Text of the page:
Speaking of pay, P-squared compare EDH Fire to Poway Fire Department, in San Diego. I researched Poway’s Memorandum of Understanding (MOU) with it’s employees. Poway is paid only $3 less per hour. BUT, Poway pays 100% of the employees’ health care costs and vision costs. ALSO, in addition to their 457 program, the City of Poway contributes money to an employee 401k on top of that! Pretty sweet! And Poway firemen get 3% of their salary for every year worked and they can retire at 50 years old. Hmmm, just like EDH. Not sure where the huge savings is there.

    I don’t know about you but if I were applying for a job, which is what the Petersen’s are doing, I would be a lot more educated before I started comparing fire departments and making statements about pensions and fire department budgets. They can skew numbers and repeat the same erroneous information until they are blue in the face. At the end of the day, EDH Firemen don’t make any more than many other California fire departments. They tell you they do, but it’s simply not true. I work in a hospital and I would never dream of walking in to a fire department and telling them how to run their business.

    Another fact they have fouled up is ambulances. They say they want to cut fire engines and add ambulances. What they don’t know, again because they haven’t done their homework, is that the ambulances and ambulance contracts are solely controlled by the County of El Dorado, specifically the Joint Powers Authority. EDH has no right to arbitrarily add or remove ambulances. If they want more ambulances, maybe their fight should be at the County level and not with EDH. In your article, by her own statement, Sherry is a “businessperson, not a fireman.” Well, it’s obvious. The fire department isn’t a business; it’s a service.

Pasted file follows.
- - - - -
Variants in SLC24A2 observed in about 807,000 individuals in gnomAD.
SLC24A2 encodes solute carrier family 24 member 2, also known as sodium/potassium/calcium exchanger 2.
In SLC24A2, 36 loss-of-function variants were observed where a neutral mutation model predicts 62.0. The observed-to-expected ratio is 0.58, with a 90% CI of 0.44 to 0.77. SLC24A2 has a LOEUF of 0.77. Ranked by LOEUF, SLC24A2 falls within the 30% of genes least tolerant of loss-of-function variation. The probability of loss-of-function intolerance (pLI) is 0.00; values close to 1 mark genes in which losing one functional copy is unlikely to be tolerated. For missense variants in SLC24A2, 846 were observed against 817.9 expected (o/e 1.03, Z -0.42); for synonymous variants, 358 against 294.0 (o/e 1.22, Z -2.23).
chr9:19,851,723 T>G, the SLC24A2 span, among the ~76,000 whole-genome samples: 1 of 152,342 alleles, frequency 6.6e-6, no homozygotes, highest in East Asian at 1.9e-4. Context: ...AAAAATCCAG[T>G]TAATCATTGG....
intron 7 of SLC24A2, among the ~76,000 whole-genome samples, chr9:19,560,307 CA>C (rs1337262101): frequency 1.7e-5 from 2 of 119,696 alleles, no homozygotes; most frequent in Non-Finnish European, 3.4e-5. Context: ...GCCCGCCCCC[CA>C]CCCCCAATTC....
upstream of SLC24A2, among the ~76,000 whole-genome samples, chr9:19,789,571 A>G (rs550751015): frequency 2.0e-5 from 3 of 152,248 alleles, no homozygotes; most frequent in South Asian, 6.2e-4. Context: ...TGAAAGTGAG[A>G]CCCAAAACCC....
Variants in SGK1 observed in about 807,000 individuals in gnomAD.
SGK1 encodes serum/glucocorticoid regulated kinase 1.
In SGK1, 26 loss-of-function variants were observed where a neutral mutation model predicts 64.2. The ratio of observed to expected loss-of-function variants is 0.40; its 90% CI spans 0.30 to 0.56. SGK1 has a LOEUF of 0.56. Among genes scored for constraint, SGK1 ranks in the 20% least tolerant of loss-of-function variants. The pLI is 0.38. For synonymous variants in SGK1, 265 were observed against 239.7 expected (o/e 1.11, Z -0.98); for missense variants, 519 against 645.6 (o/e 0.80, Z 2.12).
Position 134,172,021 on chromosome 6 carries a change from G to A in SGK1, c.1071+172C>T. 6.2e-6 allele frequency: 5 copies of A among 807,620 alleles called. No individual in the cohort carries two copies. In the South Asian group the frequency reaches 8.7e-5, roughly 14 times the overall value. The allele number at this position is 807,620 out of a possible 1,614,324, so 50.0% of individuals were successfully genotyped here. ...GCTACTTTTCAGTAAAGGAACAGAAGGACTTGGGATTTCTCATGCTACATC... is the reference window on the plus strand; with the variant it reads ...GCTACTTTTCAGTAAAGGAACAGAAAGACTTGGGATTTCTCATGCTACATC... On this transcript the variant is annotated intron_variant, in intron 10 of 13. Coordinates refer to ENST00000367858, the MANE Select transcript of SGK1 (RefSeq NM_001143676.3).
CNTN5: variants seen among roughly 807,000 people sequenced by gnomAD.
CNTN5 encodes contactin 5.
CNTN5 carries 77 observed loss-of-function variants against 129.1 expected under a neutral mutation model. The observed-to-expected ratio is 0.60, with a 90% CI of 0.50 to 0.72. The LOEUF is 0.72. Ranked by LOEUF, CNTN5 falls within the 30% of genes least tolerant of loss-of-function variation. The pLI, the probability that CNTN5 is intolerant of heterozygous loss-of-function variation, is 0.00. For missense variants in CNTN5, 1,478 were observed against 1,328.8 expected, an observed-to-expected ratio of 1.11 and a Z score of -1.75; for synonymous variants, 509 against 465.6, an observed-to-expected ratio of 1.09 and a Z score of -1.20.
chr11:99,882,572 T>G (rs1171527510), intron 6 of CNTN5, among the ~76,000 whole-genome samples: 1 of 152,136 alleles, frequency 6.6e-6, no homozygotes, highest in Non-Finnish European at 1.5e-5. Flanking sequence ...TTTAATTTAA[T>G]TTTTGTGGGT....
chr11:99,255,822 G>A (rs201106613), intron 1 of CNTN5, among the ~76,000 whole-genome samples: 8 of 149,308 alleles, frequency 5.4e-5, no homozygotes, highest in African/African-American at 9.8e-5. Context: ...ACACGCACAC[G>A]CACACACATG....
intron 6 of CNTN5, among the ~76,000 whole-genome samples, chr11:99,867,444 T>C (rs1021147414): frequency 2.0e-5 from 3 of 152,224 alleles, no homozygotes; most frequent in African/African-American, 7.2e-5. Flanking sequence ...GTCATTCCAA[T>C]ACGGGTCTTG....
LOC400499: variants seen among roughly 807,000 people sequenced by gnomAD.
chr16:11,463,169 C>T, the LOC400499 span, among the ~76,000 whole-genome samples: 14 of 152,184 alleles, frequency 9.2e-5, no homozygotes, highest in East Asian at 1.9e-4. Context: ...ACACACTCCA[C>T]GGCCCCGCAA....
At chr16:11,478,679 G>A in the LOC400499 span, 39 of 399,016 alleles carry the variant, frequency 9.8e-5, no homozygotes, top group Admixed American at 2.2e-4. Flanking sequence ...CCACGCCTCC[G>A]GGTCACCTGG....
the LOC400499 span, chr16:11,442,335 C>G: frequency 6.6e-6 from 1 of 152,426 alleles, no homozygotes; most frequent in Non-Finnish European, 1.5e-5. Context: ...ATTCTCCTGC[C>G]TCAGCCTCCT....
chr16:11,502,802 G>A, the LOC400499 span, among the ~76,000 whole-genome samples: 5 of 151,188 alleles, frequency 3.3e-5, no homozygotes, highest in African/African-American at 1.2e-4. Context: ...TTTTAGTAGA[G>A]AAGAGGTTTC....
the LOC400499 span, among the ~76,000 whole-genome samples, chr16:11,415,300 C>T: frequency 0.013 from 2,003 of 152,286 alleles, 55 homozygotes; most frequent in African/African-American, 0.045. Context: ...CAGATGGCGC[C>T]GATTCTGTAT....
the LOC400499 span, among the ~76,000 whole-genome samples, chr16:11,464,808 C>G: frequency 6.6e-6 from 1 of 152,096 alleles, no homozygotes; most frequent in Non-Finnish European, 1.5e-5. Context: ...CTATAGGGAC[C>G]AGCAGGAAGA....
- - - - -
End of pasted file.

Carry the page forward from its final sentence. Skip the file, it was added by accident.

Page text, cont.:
Thank you again for writing your article. As a real healthcare worker and EDH resident, I am very pleased with my fire department and I’m thrilled they have saved millions of dollars in reserve to protect their service levels for years to come. They are one of the few fire departments in the State that is financially stable. Thanks in part to your article, I will be voting for incumbent Board Members: Mr. Hidahl and Mr. Hartley.

    Laird Shubel, RN

  7. It sure is interesting to get others points of view on the workings of a public safety organization, especially when “they” have never played the part. Although they seem to be experts for some reason? El Dorado Hills Fire Department, is a great organization that provides outstanding fire suppression, advanced life support medical services and first class community customer service. My family had a medical emergency at our house that involved my elderly father. The firefighters arrived quickly, were very professional and did an outstanding job helping my father out and getting him to the ER where he was able to get the advanced care he needed. My family and friends believe The El Dorado Hills Firefighters deserve what they make in compensation. Compared to adjoining fire departments, our firefighters are neck and neck with compensation, and they deserve every penny they make. Hey Petersen’s, why don’t you leave public safety alone and go “fix” the major problems with our banks that caused our dire financial problems we are faced with these days. It seems to me that a board that has a surplus of funds has done a great job managing funds. Look around at neighboring fire agencies, are they in financial problems or do they have